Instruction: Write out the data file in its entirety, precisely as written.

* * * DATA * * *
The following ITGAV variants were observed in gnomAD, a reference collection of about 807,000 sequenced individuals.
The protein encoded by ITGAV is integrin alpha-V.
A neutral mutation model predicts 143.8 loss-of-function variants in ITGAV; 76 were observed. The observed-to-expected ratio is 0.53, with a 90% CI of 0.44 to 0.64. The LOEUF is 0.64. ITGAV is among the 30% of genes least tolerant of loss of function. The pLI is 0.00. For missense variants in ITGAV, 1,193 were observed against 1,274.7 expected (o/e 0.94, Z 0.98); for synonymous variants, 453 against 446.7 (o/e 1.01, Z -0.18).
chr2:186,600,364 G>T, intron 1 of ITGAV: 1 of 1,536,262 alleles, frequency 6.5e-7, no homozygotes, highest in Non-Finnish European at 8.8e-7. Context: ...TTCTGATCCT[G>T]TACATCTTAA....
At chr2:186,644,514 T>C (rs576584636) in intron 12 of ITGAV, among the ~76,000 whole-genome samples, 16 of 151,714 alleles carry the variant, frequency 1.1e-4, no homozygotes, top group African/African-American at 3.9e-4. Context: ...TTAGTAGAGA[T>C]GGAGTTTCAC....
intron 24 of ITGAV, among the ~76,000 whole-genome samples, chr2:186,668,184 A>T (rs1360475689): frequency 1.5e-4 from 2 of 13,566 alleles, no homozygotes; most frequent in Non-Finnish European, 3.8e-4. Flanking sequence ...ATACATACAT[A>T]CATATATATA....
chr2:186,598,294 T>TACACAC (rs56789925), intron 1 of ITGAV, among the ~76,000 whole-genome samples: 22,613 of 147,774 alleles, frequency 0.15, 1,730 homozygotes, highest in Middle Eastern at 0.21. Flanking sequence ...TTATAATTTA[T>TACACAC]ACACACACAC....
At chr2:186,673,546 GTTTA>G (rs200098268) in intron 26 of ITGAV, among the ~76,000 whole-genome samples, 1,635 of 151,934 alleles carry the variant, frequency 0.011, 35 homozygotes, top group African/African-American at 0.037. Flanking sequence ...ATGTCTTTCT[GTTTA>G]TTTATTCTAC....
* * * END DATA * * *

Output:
The following ITGAV variants were observed in gnomAD, a reference collection of about 807,000 sequenced individuals.
The protein encoded by ITGAV is integrin alpha-V.
A neutral mutation model predicts 143.8 loss-of-function variants in ITGAV; 76 were observed. The observed-to-expected ratio is 0.53, with a 90% CI of 0.44 to 0.64. The LOEUF is 0.64. ITGAV is among the 30% of genes least tolerant of loss of function. The pLI is 0.00. For missense variants in ITGAV, 1,193 were observed against 1,274.7 expected (o/e 0.94, Z 0.98); for synonymous variants, 453 against 446.7 (o/e 1.01, Z -0.18).
chr2:186,600,364 G>T, intron 1 of ITGAV: 1 of 1,536,262 alleles, frequency 6.5e-7, no homozygotes, highest in Non-Finnish European at 8.8e-7. Context: ...TTCTGATCCT[G>T]TACATCTTAA....
At chr2:186,644,514 T>C (rs576584636) in intron 12 of ITGAV, among the ~76,000 whole-genome samples, 16 of 151,714 alleles carry the variant, frequency 1.1e-4, no homozygotes, top group African/African-American at 3.9e-4. Context: ...TTAGTAGAGA[T>C]GGAGTTTCAC....
intron 24 of ITGAV, among the ~76,000 whole-genome samples, chr2:186,668,184 A>T (rs1360475689): frequency 1.5e-4 from 2 of 13,566 alleles, no homozygotes; most frequent in Non-Finnish European, 3.8e-4. Flanking sequence ...ATACATACAT[A>T]CATATATATA....
chr2:186,598,294 T>TACACAC (rs56789925), intron 1 of ITGAV, among the ~76,000 whole-genome samples: 22,613 of 147,774 alleles, frequency 0.15, 1,730 homozygotes, highest in Middle Eastern at 0.21. Flanking sequence ...TTATAATTTA[T>TACACAC]ACACACACAC....
At chr2:186,673,546 GTTTA>G (rs200098268) in intron 26 of ITGAV, among the ~76,000 whole-genome samples, 1,635 of 151,934 alleles carry the variant, frequency 0.011, 35 homozygotes, top group African/African-American at 0.037. Flanking sequence ...ATGTCTTTCT[GTTTA>G]TTTATTCTAC....